In 1532, Francisco Pizarro along with 106 foot-soldiers and 62 horsemen found themselves in the city of Cajamarca in the Sierra of northern Peru. They were there to meet with Atahualpa, the ruler of the Inca Empire. The problem? Atahualpa brought 80,000 warriors with him to the party and he wasn’t in a conciliatory mood. Seems that the Spanish reputation for conquest and plunder had preceded them and Atahualpa wasn’t having any of it. So when the Inca’s arrived en mass at the city walls, the day before the meeting, Pizarro was forced to contemplate his options:
1. Turn tail and try and get away. 2. Hope that he could broker a deal that preserved their lives. 3. Do something audacious.
Pizarro opted for the latter.
First, he told his men his plan would unfold as events played out the next day – all he asked was that they be bold and courageous. Then he hid his foot-soldiers and horsemen in the stone buildings that lined the square in the middle of the city. The next day he waited until Atahualpa and approximately 6,000 warriors, attendants and ranking chiefs riding on litters had filed through the small entrances and crammed into the town square.
A brief dialog ensued. It did not go well, and Atahualpa rose on his litter and began shouting orders --which the Spanish interrupted were preparatory for an attack. Pizarro gave the order and his horsemen and foot-soldier came rushing out of the buildings and attacked the mass of Incas in the square. The suddenness and brutality of the attack panicked the crowed warriors. They began to press together and try and escape through the small entrances at the end of the square. Needless to say, they were easy targets for the lances and swords of the Spaniards. The conquistadors wreaked havoc among the warriors, destroyed the easily identifiable leaders and then captured Atahualpa himself. The battle spread outside the walls and at the end of the day close to 6,000 Incas were dead and the Spanish did not lose a single man! In a word, it was a slaughter.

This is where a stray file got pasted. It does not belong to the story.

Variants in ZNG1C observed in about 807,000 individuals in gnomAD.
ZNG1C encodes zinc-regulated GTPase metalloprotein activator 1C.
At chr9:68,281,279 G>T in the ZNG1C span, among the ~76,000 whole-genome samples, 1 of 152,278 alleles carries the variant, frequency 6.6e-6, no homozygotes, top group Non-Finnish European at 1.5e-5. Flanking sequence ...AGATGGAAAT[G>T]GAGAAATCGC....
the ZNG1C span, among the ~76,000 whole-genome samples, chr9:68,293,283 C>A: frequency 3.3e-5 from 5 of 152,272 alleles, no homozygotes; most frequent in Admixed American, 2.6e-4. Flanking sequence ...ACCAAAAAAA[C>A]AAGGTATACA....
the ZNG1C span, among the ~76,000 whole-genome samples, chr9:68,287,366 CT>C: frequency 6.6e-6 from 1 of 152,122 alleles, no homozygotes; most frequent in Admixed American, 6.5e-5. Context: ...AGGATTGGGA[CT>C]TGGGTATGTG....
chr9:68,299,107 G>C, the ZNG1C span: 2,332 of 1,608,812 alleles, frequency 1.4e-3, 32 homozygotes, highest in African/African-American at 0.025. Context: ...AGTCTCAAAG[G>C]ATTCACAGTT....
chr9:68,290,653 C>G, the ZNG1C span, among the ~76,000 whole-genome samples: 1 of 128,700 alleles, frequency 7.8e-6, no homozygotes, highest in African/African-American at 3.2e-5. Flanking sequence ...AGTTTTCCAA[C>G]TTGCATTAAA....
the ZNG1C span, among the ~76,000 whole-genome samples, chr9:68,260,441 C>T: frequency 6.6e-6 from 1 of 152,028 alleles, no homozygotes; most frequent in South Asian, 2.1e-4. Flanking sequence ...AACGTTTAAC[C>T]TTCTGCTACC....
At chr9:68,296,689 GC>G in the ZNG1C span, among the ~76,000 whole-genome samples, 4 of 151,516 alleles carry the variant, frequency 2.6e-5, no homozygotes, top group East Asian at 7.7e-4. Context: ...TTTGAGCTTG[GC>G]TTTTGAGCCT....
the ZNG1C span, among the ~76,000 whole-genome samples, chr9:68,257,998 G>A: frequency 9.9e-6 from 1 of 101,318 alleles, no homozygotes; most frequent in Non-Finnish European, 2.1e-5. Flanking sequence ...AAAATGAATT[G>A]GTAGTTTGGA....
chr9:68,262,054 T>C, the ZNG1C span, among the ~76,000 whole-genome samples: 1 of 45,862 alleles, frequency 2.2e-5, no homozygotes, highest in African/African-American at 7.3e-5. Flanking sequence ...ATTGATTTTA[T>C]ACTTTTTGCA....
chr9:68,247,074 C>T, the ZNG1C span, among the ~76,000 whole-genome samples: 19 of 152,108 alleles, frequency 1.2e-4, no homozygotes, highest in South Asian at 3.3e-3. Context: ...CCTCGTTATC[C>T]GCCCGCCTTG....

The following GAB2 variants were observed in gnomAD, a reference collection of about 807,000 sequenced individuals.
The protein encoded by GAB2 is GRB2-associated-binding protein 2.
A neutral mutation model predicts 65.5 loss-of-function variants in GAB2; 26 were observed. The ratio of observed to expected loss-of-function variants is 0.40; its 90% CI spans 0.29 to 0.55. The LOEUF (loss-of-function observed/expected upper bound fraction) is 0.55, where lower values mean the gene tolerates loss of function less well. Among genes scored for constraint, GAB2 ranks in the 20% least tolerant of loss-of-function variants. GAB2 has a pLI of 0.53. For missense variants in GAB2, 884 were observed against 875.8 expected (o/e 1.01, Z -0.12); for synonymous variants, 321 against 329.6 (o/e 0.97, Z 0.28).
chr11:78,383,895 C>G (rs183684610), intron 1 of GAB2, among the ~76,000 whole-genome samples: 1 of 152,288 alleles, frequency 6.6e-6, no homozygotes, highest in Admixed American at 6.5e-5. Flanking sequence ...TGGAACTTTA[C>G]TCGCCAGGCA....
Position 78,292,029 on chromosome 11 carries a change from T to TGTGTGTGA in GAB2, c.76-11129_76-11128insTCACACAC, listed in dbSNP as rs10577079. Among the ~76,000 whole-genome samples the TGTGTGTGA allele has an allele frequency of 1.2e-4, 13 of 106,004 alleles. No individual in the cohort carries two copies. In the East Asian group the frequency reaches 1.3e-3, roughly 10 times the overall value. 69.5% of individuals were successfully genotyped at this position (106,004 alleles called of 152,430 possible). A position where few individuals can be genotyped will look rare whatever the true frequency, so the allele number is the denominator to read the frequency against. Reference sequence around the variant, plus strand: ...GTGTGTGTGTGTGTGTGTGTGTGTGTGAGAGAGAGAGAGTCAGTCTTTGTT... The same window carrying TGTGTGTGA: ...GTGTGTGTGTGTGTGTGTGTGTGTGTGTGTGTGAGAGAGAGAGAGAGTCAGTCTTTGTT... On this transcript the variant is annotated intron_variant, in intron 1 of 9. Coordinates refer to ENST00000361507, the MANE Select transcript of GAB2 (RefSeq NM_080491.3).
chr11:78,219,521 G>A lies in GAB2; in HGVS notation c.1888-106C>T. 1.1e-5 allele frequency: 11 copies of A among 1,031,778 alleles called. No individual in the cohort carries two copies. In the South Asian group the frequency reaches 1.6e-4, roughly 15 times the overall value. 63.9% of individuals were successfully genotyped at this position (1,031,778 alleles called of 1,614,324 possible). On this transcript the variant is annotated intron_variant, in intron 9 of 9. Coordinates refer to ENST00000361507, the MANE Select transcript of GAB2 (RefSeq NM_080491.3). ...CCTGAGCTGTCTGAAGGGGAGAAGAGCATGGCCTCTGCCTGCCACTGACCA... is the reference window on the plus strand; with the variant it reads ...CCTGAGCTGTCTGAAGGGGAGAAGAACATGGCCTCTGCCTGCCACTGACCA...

So what can the entrepreneur and business owner learn from Pizarro and the battle of Cajamarca?
- The size and apparent strength of the competition cannot always be the deciding factor. 500 to 1 are not always losing odds!
- Understand the value of your key differentiators. The Spanish had steel weapons, a couple of cannons and most importantly war horses with skilled and experienced horsemen.
- Take advantage of flaws in your competitor’s strategy. The Inca’s believed that their overwhelming superiority in numbers would win the day. They were so confident that their generals, chiefs and leaders all rode on litters up front in the battle line. It was a strategy that cost them dearly.
- Be audacious! Humming and hawing and waiting for the stars to align is not a winning strategy. When faced with opportunity…GO FOR IT!
So in the battles of business and commerce remember the words of Karl Von Clausewitz:
“If the leader is filled with high ambition and if he pursues his aims with audacity and strength of will, he will reach them in spite of all obstacles.”
Here’s to AUDACITY!